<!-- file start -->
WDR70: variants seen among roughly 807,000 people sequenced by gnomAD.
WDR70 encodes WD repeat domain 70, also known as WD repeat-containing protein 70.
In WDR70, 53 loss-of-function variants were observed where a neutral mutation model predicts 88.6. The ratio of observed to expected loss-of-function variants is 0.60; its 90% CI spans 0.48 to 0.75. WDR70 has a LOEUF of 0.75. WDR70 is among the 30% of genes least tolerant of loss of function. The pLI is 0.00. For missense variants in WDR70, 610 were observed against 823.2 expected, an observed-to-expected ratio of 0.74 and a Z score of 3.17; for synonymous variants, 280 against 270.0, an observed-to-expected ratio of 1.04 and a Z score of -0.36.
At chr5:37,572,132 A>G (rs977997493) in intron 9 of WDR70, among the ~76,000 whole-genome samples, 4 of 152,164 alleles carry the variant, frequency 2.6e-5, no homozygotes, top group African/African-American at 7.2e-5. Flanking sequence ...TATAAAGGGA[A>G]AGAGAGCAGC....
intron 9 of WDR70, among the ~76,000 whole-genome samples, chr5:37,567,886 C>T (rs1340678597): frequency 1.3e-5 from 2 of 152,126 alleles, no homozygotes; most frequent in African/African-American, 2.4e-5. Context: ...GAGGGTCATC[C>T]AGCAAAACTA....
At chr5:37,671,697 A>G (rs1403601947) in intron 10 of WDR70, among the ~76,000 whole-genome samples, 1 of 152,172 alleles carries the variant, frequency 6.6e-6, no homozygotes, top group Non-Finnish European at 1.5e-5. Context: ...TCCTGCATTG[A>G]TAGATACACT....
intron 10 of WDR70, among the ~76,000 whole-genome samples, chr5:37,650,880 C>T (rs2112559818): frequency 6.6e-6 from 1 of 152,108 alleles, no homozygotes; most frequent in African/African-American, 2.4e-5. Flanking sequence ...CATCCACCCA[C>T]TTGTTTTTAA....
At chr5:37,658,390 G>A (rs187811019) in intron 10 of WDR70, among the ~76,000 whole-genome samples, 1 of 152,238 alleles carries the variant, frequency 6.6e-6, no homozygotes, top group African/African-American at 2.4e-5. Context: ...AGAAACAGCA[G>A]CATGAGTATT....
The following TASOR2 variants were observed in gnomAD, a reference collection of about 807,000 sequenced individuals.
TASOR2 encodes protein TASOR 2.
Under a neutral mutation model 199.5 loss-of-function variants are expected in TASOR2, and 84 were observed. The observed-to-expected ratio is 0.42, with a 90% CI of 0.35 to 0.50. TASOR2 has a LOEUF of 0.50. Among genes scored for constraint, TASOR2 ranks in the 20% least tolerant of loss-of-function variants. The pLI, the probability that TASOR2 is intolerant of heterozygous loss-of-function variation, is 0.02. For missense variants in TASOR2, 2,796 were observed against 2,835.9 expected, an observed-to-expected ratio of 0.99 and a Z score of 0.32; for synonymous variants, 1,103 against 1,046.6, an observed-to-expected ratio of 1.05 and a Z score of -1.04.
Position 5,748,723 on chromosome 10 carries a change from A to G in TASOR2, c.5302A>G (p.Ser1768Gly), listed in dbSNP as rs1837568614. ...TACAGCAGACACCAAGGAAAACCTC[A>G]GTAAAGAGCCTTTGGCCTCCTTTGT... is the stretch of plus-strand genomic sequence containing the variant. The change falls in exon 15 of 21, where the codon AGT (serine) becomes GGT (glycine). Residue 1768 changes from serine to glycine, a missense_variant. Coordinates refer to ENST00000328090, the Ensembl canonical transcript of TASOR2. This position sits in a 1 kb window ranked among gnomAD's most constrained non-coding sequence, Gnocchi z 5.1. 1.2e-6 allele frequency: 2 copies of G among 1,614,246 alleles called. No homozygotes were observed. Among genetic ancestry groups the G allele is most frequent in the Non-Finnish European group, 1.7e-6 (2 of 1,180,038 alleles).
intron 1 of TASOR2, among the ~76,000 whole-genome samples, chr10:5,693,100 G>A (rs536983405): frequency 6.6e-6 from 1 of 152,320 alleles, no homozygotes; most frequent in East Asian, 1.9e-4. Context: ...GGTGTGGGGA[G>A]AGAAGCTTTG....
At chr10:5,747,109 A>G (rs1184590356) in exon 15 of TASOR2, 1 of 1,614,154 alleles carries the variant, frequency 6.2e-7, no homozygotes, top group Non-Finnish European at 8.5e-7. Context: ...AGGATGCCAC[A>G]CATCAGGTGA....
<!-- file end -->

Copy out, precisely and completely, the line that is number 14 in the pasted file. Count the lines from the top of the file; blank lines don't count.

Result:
At chr10:5,747,109 A>G (rs1184590356) in exon 15 of TASOR2, 1 of 1,614,154 alleles carries the variant, frequency 6.2e-7, no homozygotes, top group Non-Finnish European at 8.5e-7. Context: ...AGGATGCCAC[A>G]CATCAGGTGA....